We feel the effects of symmetry every day in the tug of gravity – an attractive force whose pull is proportionate to the masses of the two objects involved. Why does it seem all objects fall at the same rate (disregarding air resistance)? The answer to that is simply that the Earth is so much more massive than anything we find on its surface, that its mass simply overwhelms any difference in the mass between objects falling to its surface. So, for our perception, the objects fall at the same rate.

From a physicist’s standpoint, symmetry is found in mathematics. When one side of an equation matches the other side, we have symmetry (and, we find, we just about *always* find symmetry in nature). When something causes us to change one side of the equation, the other side must be equivalently changed. Take the basic equation called the Ideal Gas Law, which we use to determine pressure, heat, and volume. It is, famously, PV=nRT. Broken down, Pressure times volume equals the amount of the substance times a universal constant times the temperature of the substance. Effectively, this means that, if the pressure rises, so must either the temperature rise, or the volume shrink. Likewise, as the volume rises, so must either the temperature rise, or the pressure decrease. And if the temperature rises, then either the pressure or the volume must increase (and possibly both).

Perhaps one of the most fascinating symmetry, with the most profound results, was also, for a time, one of the most confounding. It is called the tri-fold symmetry CPT. Which stands for Charge Conguation, Parity, and Time Reversal. The concepts were first discovered in the late 1920s, but continued to baffle physicists until 1952, when Gerhart Lüders demonstrated the connection between the three. The ramifications of the tri-fold symmetry are astounding: one cannot change the charge of a particle without *both* reflecting it upon its axis *and* reversing its motion in time. And that last part of the symmetry is most definitely the most striking, for it demonstrates that, with no doubt, particles can move in more than one direction in time.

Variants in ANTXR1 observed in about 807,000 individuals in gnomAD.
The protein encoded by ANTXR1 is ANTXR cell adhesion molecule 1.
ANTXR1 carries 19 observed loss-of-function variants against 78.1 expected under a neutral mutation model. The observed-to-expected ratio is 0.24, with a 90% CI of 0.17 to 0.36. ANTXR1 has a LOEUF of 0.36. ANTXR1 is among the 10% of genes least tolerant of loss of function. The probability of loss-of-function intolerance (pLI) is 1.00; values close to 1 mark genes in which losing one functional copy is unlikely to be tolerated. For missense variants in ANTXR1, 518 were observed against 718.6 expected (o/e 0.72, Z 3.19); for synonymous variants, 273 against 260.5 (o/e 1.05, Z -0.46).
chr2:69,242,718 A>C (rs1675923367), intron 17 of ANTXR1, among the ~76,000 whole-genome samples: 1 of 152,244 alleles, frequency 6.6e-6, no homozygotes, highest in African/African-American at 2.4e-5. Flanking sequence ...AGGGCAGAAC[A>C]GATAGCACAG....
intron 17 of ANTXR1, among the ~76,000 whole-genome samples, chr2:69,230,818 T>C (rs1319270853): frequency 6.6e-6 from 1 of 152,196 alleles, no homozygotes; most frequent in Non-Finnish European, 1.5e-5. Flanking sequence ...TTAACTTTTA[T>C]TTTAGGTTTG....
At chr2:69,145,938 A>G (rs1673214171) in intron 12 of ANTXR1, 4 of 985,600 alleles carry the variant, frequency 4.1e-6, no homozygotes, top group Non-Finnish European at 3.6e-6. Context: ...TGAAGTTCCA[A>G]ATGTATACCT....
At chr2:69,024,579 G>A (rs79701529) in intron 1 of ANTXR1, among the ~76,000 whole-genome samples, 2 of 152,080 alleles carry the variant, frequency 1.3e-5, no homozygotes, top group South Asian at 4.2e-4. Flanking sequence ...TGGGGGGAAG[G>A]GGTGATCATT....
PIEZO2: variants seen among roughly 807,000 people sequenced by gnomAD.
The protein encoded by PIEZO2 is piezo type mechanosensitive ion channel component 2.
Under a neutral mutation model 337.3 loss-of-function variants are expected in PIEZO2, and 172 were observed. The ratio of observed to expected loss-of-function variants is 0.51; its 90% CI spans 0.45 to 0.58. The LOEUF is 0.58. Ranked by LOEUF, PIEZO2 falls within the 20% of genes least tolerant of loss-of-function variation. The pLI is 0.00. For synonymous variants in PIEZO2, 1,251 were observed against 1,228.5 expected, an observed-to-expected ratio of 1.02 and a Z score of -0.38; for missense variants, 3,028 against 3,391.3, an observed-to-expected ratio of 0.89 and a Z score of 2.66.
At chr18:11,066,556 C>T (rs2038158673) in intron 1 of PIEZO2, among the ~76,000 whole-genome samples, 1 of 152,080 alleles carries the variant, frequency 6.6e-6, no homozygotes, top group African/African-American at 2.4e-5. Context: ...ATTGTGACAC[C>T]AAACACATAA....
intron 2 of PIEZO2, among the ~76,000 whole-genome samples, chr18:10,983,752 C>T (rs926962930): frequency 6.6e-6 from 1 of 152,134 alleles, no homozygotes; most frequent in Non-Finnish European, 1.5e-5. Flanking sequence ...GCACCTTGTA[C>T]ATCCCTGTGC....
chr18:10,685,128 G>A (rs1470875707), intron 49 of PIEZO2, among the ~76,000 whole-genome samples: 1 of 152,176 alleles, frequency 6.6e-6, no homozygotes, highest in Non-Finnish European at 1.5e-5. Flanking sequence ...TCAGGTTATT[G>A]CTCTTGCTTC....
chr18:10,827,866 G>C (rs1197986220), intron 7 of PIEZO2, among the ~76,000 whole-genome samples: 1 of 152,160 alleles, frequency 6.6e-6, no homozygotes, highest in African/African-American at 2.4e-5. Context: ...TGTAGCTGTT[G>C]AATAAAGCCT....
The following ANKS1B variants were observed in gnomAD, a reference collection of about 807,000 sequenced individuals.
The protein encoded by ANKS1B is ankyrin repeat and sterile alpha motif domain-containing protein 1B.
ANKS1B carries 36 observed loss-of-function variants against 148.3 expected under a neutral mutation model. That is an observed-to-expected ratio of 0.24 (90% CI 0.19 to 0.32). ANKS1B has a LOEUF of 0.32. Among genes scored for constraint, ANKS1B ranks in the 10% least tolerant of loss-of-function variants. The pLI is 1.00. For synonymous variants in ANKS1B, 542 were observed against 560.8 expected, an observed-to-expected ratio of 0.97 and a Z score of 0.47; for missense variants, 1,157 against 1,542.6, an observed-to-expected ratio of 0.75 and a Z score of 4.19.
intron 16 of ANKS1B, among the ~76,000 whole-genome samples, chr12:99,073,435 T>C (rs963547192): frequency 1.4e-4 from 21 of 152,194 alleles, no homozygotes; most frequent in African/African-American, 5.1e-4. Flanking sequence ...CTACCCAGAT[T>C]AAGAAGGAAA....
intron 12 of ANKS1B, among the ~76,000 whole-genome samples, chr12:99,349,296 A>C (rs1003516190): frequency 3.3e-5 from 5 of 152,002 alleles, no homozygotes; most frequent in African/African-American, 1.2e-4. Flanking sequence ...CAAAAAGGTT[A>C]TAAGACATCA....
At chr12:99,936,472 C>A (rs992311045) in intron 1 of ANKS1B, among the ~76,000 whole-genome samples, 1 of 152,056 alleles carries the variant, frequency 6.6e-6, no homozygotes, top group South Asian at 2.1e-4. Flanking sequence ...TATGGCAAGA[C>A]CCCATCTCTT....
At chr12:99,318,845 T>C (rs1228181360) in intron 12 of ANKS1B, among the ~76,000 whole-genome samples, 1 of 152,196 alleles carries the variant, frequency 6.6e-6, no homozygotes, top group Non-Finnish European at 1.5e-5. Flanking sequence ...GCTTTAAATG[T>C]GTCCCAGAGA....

Conservation of energy is a symmetry that profoundly affects our daily lives. It’s responsible for our need for fuel for our cars, power plants to heat our homes and run our televisions, and even for our need to consume food daily. Simply put, it means that energy has to come from somewhere – it doesn’t just pop out of thin air, and, when used, it doesn’t simply just go away – it has to go somewhere. So when you want to move your car from the garage to work, it requires energy, which has to come from somewhere, and most typically that is the gasoline you put in your car. When you want to turn on the television, that energy came from a power plant miles away, which may have been creating energy out of burned coal, or perhaps water turning a turbine, or, even better, solar energy being trapped in collectors. Your personal energy to get up and go – to run, walk, talk, whatever it is you do – comes from the food you consume – your body converts a small portion of it into energy, and that just makes your muscles happy.

The universe is built on symmetry. Physics is constructed from it – nothing would exist without it, and we wouldn’t be able to even begin to fathom the workings of the universe in its absence. For physicists, it is simply the single most important concept there is.